A political committee seeking to pass a constitutional amendment that would expand Medicaid eligibility has decided to push back the proposal to 2022.
The committee Florida Decides Healthcare had originally planned to try to take the measure to voters next year, but The News Service of Florida reported last month that the group was considering a delay to 2022 because of questions about whether it could meet deadlines.
Dan Newman, a spokesman for the committee, said in a prepared statement Friday that changes made by the Legislature this year “created confusion and uncertainty in the funding community,” leading to the decision to wait until 2022.
Those legislative changes, in part, made it more difficult to meet petition-signature requirements for citizens’ initiatives.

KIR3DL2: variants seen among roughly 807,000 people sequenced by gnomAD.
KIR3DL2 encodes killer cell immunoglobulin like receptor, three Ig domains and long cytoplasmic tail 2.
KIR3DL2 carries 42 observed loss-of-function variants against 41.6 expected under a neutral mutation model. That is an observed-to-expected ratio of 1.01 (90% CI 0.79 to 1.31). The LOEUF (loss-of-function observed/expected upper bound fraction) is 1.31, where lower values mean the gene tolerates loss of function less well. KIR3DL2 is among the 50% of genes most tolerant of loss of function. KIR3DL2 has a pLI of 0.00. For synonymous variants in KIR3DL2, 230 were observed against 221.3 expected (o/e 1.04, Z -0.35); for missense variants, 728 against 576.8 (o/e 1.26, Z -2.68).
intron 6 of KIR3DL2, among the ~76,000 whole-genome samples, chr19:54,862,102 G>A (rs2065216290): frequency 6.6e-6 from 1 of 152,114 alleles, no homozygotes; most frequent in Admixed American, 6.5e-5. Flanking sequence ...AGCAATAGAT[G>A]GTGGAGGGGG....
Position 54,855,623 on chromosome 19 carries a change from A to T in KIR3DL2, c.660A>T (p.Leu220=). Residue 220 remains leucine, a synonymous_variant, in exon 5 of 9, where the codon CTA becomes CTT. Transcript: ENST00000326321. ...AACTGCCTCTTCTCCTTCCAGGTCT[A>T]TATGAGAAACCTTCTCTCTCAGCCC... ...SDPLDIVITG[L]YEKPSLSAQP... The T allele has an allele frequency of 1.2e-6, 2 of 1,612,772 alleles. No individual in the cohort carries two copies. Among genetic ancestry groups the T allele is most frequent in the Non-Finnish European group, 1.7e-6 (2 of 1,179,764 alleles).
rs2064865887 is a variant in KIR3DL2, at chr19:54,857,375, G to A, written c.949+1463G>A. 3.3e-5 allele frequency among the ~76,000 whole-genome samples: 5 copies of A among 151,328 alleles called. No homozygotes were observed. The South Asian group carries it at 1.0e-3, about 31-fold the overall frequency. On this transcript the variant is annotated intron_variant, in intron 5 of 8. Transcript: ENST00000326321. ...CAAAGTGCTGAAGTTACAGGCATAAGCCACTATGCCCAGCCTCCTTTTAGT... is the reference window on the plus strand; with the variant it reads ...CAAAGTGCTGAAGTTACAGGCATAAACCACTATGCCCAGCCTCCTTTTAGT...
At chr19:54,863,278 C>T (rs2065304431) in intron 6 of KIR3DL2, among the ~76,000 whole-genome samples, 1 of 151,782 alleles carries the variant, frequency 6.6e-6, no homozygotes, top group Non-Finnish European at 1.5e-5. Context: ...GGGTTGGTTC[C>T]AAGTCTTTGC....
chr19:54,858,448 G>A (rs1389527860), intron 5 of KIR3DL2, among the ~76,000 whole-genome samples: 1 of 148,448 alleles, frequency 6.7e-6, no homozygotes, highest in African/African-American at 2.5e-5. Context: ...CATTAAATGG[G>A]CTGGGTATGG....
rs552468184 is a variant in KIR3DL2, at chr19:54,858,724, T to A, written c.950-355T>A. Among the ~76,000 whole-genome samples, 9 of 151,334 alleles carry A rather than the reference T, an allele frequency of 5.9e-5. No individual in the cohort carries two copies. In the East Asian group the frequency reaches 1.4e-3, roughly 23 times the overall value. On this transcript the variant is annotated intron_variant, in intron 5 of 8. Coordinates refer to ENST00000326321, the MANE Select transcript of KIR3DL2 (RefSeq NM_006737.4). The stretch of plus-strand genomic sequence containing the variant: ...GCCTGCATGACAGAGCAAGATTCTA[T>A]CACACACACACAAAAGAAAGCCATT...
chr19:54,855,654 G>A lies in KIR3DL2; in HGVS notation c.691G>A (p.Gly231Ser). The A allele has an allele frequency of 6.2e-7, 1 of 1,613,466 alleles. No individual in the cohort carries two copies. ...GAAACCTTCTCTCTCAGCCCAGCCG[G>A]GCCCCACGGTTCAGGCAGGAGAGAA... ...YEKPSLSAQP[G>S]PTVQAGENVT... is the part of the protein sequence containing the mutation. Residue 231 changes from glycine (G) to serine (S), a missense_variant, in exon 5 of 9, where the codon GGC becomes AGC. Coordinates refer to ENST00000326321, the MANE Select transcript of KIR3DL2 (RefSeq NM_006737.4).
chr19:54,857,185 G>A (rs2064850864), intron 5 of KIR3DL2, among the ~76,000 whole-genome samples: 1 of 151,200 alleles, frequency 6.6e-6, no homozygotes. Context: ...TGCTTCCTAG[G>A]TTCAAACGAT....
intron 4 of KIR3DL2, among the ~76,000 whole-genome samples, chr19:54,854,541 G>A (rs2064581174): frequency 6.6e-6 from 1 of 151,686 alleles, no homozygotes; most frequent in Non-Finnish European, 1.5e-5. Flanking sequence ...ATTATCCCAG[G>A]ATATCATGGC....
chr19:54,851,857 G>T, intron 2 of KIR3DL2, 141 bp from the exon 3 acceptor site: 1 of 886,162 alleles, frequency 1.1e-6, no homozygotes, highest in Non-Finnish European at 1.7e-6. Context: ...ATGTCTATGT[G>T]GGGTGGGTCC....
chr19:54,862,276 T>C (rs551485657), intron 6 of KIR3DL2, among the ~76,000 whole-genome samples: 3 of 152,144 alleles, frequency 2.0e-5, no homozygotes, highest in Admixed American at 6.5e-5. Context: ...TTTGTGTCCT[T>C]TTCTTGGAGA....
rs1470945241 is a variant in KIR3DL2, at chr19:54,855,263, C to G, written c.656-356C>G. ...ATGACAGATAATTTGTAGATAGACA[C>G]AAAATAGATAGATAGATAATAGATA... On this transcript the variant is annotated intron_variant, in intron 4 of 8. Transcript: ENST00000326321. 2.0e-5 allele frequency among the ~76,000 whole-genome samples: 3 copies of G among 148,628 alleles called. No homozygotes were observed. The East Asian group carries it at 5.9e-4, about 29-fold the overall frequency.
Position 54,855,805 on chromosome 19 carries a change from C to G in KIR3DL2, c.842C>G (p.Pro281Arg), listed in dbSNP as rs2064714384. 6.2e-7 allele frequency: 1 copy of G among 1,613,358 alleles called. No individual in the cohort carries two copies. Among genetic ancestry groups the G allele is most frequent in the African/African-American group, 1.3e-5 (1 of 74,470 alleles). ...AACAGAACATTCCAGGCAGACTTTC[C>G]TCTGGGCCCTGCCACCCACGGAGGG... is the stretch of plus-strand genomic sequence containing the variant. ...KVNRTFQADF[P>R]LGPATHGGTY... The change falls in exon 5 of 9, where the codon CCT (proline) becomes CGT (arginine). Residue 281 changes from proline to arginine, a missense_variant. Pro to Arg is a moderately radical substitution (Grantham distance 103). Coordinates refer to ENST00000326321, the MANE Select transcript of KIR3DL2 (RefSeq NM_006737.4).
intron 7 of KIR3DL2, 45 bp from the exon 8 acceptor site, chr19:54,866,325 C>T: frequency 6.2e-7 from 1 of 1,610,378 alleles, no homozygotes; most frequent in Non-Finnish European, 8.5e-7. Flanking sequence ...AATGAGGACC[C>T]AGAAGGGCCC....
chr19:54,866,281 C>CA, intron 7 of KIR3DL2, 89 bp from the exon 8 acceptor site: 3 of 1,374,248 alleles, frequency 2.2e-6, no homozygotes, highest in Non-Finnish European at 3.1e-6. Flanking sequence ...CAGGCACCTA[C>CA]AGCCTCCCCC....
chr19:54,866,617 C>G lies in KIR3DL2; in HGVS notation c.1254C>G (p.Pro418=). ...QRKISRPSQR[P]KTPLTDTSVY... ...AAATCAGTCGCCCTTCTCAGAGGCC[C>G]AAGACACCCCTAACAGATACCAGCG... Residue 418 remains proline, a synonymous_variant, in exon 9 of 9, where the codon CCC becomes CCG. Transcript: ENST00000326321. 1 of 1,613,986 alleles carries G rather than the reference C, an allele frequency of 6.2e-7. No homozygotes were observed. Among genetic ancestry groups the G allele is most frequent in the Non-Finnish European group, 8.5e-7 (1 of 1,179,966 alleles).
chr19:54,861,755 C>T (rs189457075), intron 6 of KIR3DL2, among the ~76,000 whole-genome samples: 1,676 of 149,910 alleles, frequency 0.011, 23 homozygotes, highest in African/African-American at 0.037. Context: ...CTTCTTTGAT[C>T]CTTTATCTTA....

“The voter-led campaign to expand Medicaid isn’t going anywhere,” Newman said. “We were hustling to put health care directly on the 2020 ballot because it is clear that Floridians overwhelmingly support Medicaid expansion, but state legislative changes at the end of the (legislative) session just made that a hill too steep to climb.”
Backers of proposed constitutional amendments need to submit at least 766,200 valid petition signatures to get on the 2020 ballot; as of Friday, the state had received 79,708 signatures for the Medicaid initiative.
The proposed amendment would offer Medicaid coverage to low-income adults who currently are not eligible.
Florida lawmakers have repeatedly rejected such an expansion, which is optional for states as part of the federal Affordable Care Act.